Hi Globalpilot - I meant 'replicable' as in able to provide meaningful results for a number of samples in a study, rather than a random one-off finding. As we've l not had an initial study published yet, we're certainly a long way from anything being replicated by other groups. At this point, it could just be someone making claims on the internet in order to get customers, and as the claims seem so significant and dramatic, I'm doubtful that they'd first be reported in an interview on a little website if there was good evidence to support them.

    I could be wrong, but I don't have a good feeling about this.
    taniaaust1 likes this.
  14. JT1024

    JT1024 Senior Member

    Messages:
    534
    Likes:
    286
    Massachusetts
    I just searched Scirus and Mednar for Protomyxzoa rheumatica, the protozoan "of interest" and neither search provided substantial hits.

    I'm not getting a great feeling on this either. Could be wrong though.
  15. adreno

    adreno 3% neanderthal

    Messages:
    2,177
    Likes:
    1,236
    Tundras of Europa
    The problem with these kind of claims, is that they cannot be falsified. Fry suggests that there is a pathogen causing ME and autoimmune illnesses, which there is no definitive test for, no way of eradicating, and really only speculation that it causes said illnesses. Is it possible that Fry is right? Yes, in the sense that anything that can't be disproved is possible. Is it likely? No.
    svetoslav80 and vitamink like this.
  16. justy

    justy Senior Member

    Messages:
    2,410
    Likes:
    2,175
    U.K
    I have no doubt that Fry has proven that the infection exists. But i do agree that the extent of its implication in autoimmune diseases is not proven as yet - especially in the wide ranging way he suggests. But i think this is exactly the point that is tripping him up in respect of publishing his work. These diseases - MS, ALS, Diabetes etc are considered simialr but different diseases - he is suggesting they could all be caused by a vascular issue caused by the infection creating biofilms throughout the blood supply and this could also be the cause of coronory disease. I suppose it does sound a stretch, but i imagine as he has 3 degrees in this area he knows more about it than i do.

    AI - yes the work on H Pylori has been contentious but is now accepted to be the cause of ulcers and main cause of gastritis - i guess thats why Marshall and Warren were awarded the Nobel Prize for Medicine or Physiology in 2005 (less than 10 years ago)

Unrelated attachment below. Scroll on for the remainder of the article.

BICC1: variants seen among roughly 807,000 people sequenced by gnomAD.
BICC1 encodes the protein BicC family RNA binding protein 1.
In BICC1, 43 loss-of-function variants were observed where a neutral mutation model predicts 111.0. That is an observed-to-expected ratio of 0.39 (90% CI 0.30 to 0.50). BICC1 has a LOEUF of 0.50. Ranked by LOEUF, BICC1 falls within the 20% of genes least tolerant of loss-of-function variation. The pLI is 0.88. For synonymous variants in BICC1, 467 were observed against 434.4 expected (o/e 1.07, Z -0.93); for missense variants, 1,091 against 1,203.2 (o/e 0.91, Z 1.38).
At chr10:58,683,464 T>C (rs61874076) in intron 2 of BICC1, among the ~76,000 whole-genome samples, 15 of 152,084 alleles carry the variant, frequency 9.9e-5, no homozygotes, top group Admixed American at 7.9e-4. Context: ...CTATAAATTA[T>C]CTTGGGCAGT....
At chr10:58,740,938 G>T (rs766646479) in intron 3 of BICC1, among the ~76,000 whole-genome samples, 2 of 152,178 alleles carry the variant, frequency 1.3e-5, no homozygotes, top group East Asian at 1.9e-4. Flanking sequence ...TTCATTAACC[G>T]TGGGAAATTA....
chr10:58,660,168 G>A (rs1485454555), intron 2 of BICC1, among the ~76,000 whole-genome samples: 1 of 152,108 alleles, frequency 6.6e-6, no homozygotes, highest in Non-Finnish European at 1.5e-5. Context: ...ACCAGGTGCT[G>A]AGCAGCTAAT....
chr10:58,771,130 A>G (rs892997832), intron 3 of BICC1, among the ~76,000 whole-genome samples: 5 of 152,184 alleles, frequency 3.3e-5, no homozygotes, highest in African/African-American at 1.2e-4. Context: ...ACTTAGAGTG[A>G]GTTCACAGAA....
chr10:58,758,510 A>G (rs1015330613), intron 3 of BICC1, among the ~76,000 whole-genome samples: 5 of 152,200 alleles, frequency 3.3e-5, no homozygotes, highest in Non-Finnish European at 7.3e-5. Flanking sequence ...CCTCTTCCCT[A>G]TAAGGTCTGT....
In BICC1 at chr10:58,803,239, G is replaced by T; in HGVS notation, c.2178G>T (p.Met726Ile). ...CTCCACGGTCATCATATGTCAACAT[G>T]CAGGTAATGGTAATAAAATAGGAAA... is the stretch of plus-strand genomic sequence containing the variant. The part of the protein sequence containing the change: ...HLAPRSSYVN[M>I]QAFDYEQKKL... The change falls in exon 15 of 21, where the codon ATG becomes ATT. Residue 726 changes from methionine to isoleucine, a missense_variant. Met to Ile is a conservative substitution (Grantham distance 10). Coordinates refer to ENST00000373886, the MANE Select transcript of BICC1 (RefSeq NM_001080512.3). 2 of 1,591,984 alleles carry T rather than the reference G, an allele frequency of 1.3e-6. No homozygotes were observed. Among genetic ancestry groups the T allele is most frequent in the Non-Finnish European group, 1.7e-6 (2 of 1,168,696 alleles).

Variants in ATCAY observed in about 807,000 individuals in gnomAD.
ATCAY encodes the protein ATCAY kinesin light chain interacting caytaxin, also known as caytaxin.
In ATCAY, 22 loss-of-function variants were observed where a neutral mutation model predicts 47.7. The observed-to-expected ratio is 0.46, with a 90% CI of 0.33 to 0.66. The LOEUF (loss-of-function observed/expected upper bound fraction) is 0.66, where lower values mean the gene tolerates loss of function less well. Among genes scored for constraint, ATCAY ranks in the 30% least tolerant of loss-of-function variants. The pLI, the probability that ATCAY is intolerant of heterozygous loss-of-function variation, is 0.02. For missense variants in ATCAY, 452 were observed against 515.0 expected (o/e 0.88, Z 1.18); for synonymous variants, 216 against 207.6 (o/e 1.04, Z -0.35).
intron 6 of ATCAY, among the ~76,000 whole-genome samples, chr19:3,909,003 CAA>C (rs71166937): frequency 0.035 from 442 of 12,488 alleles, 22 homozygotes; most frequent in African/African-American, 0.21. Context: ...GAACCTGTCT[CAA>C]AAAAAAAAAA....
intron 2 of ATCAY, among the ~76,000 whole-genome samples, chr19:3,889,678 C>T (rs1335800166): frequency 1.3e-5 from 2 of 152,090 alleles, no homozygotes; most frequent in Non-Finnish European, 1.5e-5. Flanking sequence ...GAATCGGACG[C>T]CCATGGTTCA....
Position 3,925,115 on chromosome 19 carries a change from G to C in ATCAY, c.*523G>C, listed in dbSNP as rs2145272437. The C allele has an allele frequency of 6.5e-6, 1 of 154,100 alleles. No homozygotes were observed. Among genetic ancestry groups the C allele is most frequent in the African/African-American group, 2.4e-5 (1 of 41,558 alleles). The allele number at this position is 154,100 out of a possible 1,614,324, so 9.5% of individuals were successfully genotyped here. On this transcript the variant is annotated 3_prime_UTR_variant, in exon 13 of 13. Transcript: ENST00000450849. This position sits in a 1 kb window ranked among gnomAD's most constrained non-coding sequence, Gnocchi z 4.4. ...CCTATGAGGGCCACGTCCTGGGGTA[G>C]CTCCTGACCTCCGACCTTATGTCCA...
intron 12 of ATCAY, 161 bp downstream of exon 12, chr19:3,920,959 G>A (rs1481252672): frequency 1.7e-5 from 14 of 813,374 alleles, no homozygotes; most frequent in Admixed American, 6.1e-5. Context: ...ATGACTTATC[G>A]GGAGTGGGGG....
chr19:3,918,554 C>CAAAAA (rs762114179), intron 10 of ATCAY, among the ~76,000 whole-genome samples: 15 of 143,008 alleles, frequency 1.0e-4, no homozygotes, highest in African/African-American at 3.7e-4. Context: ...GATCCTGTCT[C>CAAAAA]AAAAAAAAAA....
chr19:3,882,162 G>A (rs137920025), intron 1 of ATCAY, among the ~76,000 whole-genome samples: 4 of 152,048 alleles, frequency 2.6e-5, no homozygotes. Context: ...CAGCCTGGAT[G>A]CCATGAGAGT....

All the best, Justy.
    taniaaust1 likes this.
  17. sianrecovery

    sianrecovery Senior Member

    Messages:
    696
    Likes:
    400
    Manchester UK
    I am in treatment with Dr Fry. Whatever else he is, whether he proves to be right or wrong, he is a true believer, and not a money making machine. I have no problem accepting that the current paradigm in medcine could suppress or more likely ignore his findings. His lab methods seem pretty good to my limited understanding. If I choose to follow his protocol for a while to see if it helps, I dont think I proving particularly credulous - I continue to bring an open and sceptical mind to the process.
    katim likes this.
  18. adreno

    adreno 3% neanderthal

    Messages:
    2,177
    Likes:
    1,236
    Tundras of Europa
    While it is comforting that he is not a money grabber, in my opinion we need more healthy scepticism, and less "true believing" in our line of research. It seems to cloud all objective thinking.
    svetoslav80 likes this.
  19. baccarat

    baccarat Senior Member

    Messages:
    188
    Likes:
    80
    Hi Wayne,

    yes thanks, I saw that website when I was into Lyme and it makes all sense from my point of view.
    Dr AW in the UK was finding strange "objects" in the blood of people with CFS.

    He found a worm in my blood years ago and had some treatment for that.
    But I'm not sure the blood is where we should be looking for these infections.
  20. baccarat

    baccarat Senior Member

    Messages:
    188
    Likes:
    80
    I really don't understand some of the arguments against Dr Fry.
    If a pathogen is found in your body, whether it's the cause of your ME or not, what do you do?
    Exercise you healthy scepticism and wait for studies to replicate the findings? Take a view, as some ID specialists do, that such creatures are probably harmless? or have a go and treat it?
    It's a no brainer as far as I'm concerned.
    pamb, merylg, Lou and 4 others like this.

See more popular forum discussions.

Share This Page